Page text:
Brockite

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Brockite
Brockite-Thorite-474862.jpg
Microphoto of brockite on thorite (black).
Field view: 2 x 2 mm.
General
CategoryPhosphate mineral
Formula
(repeating unit)
(Ca,Th,Ce)PO4·H2O
IMA symbolBck[1]
Strunz classification8.CJ.45
Crystal systemHexagonal
Crystal classTrapezohedral (622)
H-M symbol: (622)
Space groupP6222 or P6422
Unit cella = 6.98 Å, c = 6.40 Å; Z = 3
Identification
ColorReddish brown, yellow (red brown due to inclusions of hematite)
Crystal habitRarely as Stubby hexagonal prisms rare; common as granular massive aggregates, cryptocrystalline
CleavageNone observed
FractureConchoidal
TenacityBrittle
Mohs scale hardness3 - 4
LusterGreasy to vitreous
DiaphaneityTranslucent to opaque
Specific gravity3.9 (measured)
Optical propertiesUniaxial (+)
Refractive indexnω = 1.680 nε = 1.695
Birefringenceδ = 0.015
Other characteristicsRadioactive
References[2][3][4]

Brockite is a rare earth phosphate mineral with formula: (Ca,Th,Ce)PO4·H2O. It crystallizes in the hexagonal system in the chiral space group 180 or its enantiomorph 181. It is typically granular to massive with only rare occurrence of stubby crystals. It is radioactive due to the thorium content.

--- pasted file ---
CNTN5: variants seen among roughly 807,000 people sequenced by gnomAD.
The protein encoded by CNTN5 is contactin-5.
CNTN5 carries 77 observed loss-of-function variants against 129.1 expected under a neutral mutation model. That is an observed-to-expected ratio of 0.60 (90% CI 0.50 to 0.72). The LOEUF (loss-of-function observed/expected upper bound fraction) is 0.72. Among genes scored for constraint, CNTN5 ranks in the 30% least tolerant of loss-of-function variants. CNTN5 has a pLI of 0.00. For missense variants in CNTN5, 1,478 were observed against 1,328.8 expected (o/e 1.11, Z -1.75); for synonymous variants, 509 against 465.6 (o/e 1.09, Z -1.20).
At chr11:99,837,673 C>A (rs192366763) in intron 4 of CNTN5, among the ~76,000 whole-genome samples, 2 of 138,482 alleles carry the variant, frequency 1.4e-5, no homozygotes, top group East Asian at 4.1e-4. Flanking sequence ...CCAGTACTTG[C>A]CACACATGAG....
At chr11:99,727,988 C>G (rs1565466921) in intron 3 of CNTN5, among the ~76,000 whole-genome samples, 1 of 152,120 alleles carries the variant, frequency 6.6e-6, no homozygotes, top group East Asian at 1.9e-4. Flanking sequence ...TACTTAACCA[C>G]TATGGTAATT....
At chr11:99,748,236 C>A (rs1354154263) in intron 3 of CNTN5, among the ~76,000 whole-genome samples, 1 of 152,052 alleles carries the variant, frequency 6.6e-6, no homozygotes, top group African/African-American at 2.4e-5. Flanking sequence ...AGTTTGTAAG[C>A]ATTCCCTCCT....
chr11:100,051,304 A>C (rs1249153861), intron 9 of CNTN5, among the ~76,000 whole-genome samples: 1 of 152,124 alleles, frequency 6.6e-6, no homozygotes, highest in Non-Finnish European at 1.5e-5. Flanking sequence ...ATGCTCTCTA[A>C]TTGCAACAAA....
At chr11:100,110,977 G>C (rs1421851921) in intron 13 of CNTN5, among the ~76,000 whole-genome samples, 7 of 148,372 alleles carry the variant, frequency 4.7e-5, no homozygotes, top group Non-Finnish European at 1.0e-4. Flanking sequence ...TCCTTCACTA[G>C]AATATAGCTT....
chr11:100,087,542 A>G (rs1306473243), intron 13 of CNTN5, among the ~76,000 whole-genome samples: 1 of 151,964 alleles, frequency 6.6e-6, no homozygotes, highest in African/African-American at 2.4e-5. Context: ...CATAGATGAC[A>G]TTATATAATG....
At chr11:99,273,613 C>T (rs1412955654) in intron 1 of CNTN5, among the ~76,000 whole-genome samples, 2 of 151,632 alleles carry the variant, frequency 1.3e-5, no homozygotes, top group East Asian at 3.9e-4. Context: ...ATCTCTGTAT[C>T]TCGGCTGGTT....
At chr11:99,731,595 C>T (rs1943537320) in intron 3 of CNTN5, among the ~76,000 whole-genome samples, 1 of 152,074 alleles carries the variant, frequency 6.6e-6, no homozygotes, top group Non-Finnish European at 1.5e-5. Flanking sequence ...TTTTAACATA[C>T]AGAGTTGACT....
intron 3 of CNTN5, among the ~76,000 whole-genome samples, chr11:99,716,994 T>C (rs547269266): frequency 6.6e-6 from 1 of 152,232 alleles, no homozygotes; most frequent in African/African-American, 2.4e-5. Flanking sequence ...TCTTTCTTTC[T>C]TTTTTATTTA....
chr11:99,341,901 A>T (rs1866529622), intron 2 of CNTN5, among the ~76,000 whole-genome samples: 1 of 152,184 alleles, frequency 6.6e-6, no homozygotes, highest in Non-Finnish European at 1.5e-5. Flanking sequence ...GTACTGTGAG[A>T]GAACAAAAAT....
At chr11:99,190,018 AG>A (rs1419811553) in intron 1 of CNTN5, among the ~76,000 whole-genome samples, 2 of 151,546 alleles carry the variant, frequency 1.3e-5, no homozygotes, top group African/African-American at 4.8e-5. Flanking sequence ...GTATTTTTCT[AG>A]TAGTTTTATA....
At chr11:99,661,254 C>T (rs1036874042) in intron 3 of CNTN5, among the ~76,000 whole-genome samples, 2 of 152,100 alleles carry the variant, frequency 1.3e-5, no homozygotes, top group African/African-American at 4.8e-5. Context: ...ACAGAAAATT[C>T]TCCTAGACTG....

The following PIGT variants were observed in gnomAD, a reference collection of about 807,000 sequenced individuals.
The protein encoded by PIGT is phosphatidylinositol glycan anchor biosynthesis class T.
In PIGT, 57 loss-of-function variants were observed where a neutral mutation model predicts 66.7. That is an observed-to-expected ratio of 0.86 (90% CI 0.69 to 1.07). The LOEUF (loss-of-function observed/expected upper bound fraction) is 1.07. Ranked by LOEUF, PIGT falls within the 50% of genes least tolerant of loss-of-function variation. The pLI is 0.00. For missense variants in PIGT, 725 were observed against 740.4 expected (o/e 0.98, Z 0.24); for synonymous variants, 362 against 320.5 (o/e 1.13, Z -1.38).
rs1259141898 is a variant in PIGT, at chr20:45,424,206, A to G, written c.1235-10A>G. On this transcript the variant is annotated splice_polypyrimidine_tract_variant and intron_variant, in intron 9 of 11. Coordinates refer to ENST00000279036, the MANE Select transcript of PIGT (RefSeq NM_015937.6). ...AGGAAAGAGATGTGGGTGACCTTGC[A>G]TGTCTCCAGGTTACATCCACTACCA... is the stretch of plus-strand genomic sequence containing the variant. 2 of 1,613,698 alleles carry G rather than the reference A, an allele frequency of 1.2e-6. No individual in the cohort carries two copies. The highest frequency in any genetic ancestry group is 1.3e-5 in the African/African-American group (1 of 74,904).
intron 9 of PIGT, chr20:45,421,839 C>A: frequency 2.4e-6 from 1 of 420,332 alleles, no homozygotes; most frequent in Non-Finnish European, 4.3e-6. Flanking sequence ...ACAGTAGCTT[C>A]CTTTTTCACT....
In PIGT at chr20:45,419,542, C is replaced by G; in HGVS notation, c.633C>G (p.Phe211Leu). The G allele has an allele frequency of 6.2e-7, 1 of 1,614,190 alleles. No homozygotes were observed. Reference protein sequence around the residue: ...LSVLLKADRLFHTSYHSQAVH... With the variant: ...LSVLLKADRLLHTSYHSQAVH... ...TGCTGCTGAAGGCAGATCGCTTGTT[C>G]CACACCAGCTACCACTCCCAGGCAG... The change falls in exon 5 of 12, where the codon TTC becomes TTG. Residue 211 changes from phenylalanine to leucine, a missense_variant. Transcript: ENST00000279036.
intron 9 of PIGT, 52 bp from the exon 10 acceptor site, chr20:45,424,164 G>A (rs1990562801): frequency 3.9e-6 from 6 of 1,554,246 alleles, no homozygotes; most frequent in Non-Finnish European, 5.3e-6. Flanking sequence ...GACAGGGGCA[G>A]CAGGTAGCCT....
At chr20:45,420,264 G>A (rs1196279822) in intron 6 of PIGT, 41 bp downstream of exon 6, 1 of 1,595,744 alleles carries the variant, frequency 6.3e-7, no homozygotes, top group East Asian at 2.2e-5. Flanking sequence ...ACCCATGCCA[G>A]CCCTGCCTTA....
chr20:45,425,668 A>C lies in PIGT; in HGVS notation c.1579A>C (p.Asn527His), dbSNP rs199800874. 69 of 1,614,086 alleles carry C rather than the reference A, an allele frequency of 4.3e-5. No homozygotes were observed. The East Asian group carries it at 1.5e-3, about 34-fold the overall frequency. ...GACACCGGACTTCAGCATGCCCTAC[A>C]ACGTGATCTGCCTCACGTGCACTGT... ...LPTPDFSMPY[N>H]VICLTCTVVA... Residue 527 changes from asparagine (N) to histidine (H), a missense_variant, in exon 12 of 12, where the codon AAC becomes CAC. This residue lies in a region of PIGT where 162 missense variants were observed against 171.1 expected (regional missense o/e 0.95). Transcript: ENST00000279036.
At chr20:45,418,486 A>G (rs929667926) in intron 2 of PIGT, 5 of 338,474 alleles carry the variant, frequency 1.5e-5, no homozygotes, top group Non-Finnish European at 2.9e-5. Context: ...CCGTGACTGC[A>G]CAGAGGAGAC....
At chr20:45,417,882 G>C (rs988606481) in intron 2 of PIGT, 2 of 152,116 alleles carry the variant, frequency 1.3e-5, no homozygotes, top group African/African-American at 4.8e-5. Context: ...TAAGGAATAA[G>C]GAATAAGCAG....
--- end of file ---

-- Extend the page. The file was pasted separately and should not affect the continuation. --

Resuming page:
Discovery and occurrence[edit]

Brockite was first described in 1962 for an occurrence in the Bassick Mine area, Querida, Wet Mountains, Custer County, Colorado, US. It was named for Maurice R. Brock, of the U.S. Geological Survey.[3]

Brockite occurs in granite and granite pegmatite as an accessory mineral. Associated minerals include monazite, bastnasite, xenotime, thorite, zircon, apatite, rutile and hematite.[2]

References[edit]

  1. ^ Warr, L.N. (2021). "IMA–CNMNC approved mineral symbols". Mineralogical Magazine. 85 (3): 291–320. Bibcode:2021MinM...85..291W. doi:10.1180/mgm.2021.43. S2CID 235729616.
  2. ^ a b Brockite in the Handbook of Mineralogy
  3. ^ a b Brockite on Mindat.org
  4. ^ Brockite data on Webmineral